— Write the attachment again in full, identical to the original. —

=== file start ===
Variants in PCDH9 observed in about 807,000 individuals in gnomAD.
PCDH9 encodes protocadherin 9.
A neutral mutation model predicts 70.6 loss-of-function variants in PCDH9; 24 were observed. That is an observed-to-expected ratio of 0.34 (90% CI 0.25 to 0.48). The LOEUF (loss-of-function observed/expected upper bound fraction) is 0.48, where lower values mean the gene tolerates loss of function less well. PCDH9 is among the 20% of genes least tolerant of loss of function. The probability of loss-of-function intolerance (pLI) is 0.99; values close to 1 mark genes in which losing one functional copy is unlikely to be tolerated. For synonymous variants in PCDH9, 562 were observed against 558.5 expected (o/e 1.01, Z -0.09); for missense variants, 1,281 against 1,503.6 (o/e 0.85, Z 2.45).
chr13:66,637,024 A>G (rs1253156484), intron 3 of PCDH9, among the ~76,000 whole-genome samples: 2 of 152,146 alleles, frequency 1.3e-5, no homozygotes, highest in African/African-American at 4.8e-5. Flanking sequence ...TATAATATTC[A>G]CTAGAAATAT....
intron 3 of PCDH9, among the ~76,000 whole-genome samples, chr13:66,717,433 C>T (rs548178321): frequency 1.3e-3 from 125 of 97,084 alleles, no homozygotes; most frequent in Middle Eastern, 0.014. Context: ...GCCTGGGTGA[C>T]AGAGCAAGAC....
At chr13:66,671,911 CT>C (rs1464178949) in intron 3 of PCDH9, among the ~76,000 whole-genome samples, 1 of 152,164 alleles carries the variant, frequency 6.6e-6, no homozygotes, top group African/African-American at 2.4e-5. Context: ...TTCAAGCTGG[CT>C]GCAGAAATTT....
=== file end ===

Variants in PCDH9 observed in about 807,000 individuals in gnomAD.
PCDH9 encodes protocadherin 9.
A neutral mutation model predicts 70.6 loss-of-function variants in PCDH9; 24 were observed. That is an observed-to-expected ratio of 0.34 (90% CI 0.25 to 0.48). The LOEUF (loss-of-function observed/expected upper bound fraction) is 0.48, where lower values mean the gene tolerates loss of function less well. PCDH9 is among the 20% of genes least tolerant of loss of function. The probability of loss-of-function intolerance (pLI) is 0.99; values close to 1 mark genes in which losing one functional copy is unlikely to be tolerated. For synonymous variants in PCDH9, 562 were observed against 558.5 expected (o/e 1.01, Z -0.09); for missense variants, 1,281 against 1,503.6 (o/e 0.85, Z 2.45).
chr13:66,637,024 A>G (rs1253156484), intron 3 of PCDH9, among the ~76,000 whole-genome samples: 2 of 152,146 alleles, frequency 1.3e-5, no homozygotes, highest in African/African-American at 4.8e-5. Flanking sequence ...TATAATATTC[A>G]CTAGAAATAT....
intron 3 of PCDH9, among the ~76,000 whole-genome samples, chr13:66,717,433 C>T (rs548178321): frequency 1.3e-3 from 125 of 97,084 alleles, no homozygotes; most frequent in Middle Eastern, 0.014. Context: ...GCCTGGGTGA[C>T]AGAGCAAGAC....
At chr13:66,671,911 CT>C (rs1464178949) in intron 3 of PCDH9, among the ~76,000 whole-genome samples, 1 of 152,164 alleles carries the variant, frequency 6.6e-6, no homozygotes, top group African/African-American at 2.4e-5. Context: ...TTCAAGCTGG[CT>C]GCAGAAATTT....